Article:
After the first trip, we spent 8 months developing the project and returned in August this year to look for the boys whose stories we will follow. We had 5 weeks of intensive interviews with scores of boys. Eventually, we selected 4 boys. One boy was spotted personally by Samuel Eto’o and has been recruited by FC Barcelona. He will be taken care of and protected by the Fundacion Privada de Samuel Eto’o and educated in a local school. We wanted to tell his story as an example of how things should be done – officially, legally, and with the boy’s interests taken care of.
We will then follow two or three other boys who are making their own ways to Europe. They have invitations for club try-outs but nothing more. They have no protection and the outcome of their trip is much more uncertain than that of the young boy traveling to Barcelona.


Question 5 : The film will be made by Chapter01 Productions which is a production company whose ambition is to produce films with a social responsibility. I imagine that in such an environment, each film is different as well as the challenges. What is special about « Pikin Players »?

We are a team of professional filmmakers with a background of working on projects of a socially conscious nature. My last film was about the problem of house demolitions in Palestine and other members of our team have worked on projects in Africa, the middle East, Europe and Asia with themes varying from the Madrid bombings to African immigrants traveling on boats to get to Europe . We are concerned about the world we live in and eagre to share what we learn with an audience who might not otherwise know about these stories.
Pikin Players takes the story of these boys and tells it from their own point of view. Rather than take a reportage type angle, we wanted to follow the boys as they go through their own experiences. We believe that this approach will have a much stronger effect when educating other young players about the situation. Seeing a boy like themselves actually go through the process of trying to make it in Europe will be more visceral for them than being lectured to which would be the case with a more academic approach.

Question 6 : Given the current economic environment, we imagine that ensuring the financing of a film must be extremely difficult. What major challenges do you face with regards to the production of « Pikin Players?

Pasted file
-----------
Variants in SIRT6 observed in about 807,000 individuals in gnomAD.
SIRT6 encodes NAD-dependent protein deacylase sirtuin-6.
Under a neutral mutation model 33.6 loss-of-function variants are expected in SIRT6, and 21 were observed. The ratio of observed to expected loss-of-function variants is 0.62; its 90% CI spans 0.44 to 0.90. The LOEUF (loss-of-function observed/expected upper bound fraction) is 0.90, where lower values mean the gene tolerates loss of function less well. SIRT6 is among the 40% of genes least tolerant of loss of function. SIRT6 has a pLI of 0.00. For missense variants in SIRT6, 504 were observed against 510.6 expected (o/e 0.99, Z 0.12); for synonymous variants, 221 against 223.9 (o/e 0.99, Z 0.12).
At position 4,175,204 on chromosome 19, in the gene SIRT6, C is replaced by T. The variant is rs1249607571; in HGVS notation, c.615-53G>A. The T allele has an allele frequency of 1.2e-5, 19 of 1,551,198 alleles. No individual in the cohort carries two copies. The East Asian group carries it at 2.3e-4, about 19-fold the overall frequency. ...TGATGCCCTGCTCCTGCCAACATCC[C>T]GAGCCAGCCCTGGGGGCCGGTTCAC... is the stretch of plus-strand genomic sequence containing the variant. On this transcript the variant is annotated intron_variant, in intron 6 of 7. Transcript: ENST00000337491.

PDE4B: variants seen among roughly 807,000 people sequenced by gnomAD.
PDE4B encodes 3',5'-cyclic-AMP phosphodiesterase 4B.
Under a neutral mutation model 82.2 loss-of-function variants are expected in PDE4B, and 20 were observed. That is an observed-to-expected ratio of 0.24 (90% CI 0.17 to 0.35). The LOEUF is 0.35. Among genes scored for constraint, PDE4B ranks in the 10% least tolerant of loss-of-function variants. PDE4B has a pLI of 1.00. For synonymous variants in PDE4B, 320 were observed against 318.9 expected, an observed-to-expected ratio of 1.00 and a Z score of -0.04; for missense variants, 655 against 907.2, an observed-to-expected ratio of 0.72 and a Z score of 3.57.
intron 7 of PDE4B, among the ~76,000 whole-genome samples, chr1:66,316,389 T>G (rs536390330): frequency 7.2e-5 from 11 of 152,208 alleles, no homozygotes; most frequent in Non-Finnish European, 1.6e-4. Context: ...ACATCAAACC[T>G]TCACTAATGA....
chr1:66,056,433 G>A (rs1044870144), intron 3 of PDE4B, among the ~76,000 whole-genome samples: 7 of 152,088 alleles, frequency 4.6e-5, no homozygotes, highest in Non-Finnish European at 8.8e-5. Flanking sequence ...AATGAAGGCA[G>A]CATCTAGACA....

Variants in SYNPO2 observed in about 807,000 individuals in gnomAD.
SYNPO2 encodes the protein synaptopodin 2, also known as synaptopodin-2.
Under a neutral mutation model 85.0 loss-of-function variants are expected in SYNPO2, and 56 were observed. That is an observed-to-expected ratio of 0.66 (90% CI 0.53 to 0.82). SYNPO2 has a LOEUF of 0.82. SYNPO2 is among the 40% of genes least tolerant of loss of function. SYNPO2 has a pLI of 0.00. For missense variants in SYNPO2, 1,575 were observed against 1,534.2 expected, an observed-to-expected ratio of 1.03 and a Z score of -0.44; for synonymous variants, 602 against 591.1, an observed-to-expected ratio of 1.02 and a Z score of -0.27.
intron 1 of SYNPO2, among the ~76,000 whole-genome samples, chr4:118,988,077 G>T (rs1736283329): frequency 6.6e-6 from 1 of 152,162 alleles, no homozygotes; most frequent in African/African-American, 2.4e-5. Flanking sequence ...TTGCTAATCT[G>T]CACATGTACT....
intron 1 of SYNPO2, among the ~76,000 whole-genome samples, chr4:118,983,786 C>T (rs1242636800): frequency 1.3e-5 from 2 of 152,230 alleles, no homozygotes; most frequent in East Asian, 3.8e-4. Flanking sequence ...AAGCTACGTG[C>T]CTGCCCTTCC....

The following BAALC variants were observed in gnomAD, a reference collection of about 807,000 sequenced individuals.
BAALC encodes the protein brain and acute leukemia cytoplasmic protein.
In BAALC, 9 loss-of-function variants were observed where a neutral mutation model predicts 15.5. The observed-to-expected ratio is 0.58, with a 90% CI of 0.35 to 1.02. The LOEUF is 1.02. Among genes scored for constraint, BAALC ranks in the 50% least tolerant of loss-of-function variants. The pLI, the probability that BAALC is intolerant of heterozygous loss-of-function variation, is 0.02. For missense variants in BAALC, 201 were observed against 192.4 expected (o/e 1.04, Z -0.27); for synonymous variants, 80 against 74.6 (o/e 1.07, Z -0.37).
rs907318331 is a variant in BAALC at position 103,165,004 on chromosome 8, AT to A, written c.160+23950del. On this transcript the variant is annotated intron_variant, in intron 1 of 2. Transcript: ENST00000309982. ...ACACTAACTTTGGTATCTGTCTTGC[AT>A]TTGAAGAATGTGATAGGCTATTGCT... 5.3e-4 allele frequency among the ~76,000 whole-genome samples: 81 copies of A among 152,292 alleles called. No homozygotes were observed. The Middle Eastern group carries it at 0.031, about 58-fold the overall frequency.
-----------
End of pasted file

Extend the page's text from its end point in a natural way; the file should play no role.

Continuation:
With the crisis, finding money for any film is difficult at the moment. We financed the entire development and pre-production of the film ourselves. Because of the nature of Pikin Players, we wanted to try to raise the money to produce the film ourselves, through donations from industry professionals, educational bodies and anyone interested in helping to get the film made
At the moment we are working in collaboration with organizations here in Spain who are helping us in various ways like offering services for free, allowing us to hold fundraisers at their premises, etc. We have been helped by professional footballers in Barcelona who liked the project and wanted to contribute. Gracia Arts Project has allowed us to use their designers for all our promotional material. We still need a lot of help on the financial side of things, however. We are all working for deferred payment because we care a lot about the project but certainly, in order to be able to finish Pikin Players well and in time for the Wold Cup, we need a lot more to come in and all the help we can get.


Question 7 : How do you think the public will react to the film?

I hope that the film will spur people to look a bit further than the pure spectacle of the World Cup and the football industry. The film is not an outright critique of the industry but it should highlight what could be done better. Certainly I do not want to lecture anyone with this film – I hope the boys will tell their own stories and the audience may draw from them whatever conclusions they want. It’s important to me, also, to tell a story away from the very common stories of war, poverty and starvation we see with films made about Africa. Here we have boys with dreams very similar to children here in Europe. They have families, go to school, hang out with their friends and dream of becoming football stars. With the right education and more investment from European clubs, these boys could follow their dreams at home, rather than believing that their only chance of success is to leave their country and get to Europe no matter what.

Sybille, thank you for your availability and we are very much looking forward to seeing the film.